Professor Melinda Darnell
English 1302 6MN
26 November 2012
Jorge Borges’ “The Gospels According to Mark”
As the story unfolds, it speaks of a small family by the name of the Gutres, which included father, son, and daughter, who came from a humble way of living, ignorant to the ways of the modern world. As described by the nineteenth-century American poet Oliver Wendell Holmes, “Men are idolaters, and want something to throw themselves down before; they always did and they always will”. Baltasar Espinosa was a medical student from Buenos Aires. He is described as having “unlimited kindness and an oratorical faculty that had earned him several prizes from the English school in Ramos Mejia.” (para. 1). At the time of the story, Baltasar Espinosa was thirty-three years old, same as Jesus Christ when he was crucified. The Gutres saw Espinosa as such a man. Someone that could save them, heal and deliver them from their sins.
Three points that will be discussed in the story about the Gutres’ view of Espinosa: (1) The Gutres comparison of Espinosa to Jesus as a healer, (2) Espinosa as a teacher, and (3) Espinosa’s crucifixion.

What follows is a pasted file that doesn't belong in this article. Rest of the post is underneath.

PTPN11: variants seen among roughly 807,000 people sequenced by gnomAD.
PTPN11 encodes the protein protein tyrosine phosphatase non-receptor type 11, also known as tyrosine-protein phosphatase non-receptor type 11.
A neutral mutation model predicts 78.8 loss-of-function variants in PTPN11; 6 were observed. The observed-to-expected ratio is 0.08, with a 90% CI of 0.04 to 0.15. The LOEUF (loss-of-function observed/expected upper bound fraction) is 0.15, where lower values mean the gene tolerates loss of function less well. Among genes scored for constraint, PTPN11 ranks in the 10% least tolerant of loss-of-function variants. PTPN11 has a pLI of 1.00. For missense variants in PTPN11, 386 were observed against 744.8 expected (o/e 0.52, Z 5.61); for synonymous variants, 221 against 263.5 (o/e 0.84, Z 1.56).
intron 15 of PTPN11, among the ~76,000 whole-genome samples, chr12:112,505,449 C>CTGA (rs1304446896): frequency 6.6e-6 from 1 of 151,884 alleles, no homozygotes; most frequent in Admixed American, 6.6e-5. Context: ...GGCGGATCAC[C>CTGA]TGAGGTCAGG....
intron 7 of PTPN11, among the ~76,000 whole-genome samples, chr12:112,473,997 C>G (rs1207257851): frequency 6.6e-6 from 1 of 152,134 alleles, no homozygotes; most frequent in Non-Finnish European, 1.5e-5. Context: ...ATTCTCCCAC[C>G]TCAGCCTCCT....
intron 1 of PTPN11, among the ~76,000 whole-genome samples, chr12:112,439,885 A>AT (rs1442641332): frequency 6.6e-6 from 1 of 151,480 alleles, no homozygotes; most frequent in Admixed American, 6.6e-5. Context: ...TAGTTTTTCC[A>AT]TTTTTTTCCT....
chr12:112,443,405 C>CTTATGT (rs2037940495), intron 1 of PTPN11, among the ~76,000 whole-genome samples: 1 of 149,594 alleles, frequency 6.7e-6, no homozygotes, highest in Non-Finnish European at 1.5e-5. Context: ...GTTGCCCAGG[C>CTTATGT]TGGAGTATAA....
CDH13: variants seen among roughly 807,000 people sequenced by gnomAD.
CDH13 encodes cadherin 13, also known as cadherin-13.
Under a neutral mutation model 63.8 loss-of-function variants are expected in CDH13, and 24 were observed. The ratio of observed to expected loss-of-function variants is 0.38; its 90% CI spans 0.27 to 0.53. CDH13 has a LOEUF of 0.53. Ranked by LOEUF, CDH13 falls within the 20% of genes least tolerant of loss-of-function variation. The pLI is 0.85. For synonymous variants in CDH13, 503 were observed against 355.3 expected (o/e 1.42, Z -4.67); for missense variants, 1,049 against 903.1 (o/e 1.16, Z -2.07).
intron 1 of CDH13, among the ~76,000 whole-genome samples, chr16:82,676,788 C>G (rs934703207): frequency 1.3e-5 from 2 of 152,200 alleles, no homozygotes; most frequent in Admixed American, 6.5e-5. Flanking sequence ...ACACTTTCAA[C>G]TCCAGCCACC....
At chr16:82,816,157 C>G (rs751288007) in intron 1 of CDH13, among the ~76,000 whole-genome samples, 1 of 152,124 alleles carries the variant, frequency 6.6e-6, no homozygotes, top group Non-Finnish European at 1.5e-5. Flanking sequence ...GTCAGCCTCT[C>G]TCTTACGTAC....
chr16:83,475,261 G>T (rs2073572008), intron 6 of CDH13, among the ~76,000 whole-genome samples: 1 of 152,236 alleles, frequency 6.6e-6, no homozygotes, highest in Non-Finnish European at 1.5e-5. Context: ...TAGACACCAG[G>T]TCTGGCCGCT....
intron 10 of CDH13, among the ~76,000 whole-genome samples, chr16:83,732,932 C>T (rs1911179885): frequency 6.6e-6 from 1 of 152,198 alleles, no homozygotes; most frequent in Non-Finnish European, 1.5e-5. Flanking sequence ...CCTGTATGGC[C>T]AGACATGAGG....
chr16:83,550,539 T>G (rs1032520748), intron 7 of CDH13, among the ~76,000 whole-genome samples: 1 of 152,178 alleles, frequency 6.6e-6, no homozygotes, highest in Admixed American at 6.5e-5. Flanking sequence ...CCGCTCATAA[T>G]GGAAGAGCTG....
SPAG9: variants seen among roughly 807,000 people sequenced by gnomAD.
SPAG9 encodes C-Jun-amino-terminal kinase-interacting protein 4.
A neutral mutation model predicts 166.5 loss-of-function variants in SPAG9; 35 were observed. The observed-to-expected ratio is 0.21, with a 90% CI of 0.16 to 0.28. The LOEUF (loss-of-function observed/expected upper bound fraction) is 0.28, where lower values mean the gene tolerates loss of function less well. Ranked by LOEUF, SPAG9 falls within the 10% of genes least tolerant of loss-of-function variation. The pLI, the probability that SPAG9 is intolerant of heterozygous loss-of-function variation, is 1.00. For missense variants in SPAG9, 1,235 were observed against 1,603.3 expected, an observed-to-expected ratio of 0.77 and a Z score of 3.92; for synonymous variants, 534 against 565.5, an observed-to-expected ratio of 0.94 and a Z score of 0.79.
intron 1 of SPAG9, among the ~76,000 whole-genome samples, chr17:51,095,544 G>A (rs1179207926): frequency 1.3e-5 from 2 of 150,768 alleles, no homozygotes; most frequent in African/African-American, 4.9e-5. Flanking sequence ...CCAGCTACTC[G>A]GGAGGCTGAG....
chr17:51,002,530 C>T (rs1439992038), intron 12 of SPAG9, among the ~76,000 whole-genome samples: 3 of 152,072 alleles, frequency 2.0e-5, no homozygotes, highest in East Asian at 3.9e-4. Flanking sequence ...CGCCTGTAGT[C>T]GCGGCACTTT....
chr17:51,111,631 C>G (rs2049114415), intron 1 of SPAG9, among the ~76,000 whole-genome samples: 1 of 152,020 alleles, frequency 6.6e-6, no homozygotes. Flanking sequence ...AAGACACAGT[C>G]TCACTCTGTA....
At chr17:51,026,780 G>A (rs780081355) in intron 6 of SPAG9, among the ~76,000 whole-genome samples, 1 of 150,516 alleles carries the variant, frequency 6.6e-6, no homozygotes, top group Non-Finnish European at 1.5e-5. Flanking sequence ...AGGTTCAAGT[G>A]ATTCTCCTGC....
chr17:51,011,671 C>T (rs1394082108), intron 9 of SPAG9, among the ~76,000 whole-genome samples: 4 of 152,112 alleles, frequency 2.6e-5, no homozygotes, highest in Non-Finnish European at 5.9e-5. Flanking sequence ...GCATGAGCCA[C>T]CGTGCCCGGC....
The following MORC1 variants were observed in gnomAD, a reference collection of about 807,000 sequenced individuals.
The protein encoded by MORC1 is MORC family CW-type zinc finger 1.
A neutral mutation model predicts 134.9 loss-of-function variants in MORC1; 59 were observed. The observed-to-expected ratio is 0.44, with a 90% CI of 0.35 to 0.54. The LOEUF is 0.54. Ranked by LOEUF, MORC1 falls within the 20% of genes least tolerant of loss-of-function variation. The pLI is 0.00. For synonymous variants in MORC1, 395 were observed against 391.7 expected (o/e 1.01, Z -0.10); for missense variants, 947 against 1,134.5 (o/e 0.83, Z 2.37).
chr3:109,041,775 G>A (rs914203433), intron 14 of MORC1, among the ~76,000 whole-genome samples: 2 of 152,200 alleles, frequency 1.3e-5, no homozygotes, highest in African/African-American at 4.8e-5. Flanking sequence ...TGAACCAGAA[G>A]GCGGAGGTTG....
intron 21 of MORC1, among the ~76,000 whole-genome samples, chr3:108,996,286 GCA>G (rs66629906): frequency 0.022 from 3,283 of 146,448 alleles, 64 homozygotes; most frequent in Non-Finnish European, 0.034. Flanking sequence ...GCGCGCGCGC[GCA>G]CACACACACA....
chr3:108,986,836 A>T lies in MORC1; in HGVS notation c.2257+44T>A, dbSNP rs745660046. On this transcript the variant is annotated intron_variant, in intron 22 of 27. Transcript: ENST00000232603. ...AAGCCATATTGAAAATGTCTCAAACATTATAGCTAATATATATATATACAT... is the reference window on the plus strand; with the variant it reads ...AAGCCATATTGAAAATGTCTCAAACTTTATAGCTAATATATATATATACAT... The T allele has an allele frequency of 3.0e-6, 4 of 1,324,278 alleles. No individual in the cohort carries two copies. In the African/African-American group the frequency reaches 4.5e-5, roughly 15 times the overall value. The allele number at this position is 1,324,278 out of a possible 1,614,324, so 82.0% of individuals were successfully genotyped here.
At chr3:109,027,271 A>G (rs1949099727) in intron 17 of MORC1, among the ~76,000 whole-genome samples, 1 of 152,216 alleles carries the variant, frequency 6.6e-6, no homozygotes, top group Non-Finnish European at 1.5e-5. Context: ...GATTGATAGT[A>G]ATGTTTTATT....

For example, the Gutres were very primitive people; they had their own ways of doing things. The young daughter of the foreman, Mr. Gutre’, had a pet lamb that was adorned with a blue ribbon, had injured itself. To stop the bleeding Mr. Gutre wanted to put cobwebs on the cut, but instead Espinosa gave the animal some pills. By giving him the pills, it healed the lamb, which made Espinosa a healer in the eyes of the Gutres. Every time Espinosa read them a passage from the bible, they made the connection with him to Jesus Christ.
The Gutres saw Espinosa as a teacher. Earlier in the story Espinosa took the time to read the Bible to the Gutres, who were very attentive, as did the followers of Jesus when he taught the multitudes. They would sit anywhere and listen as the word was being spoken to them. In...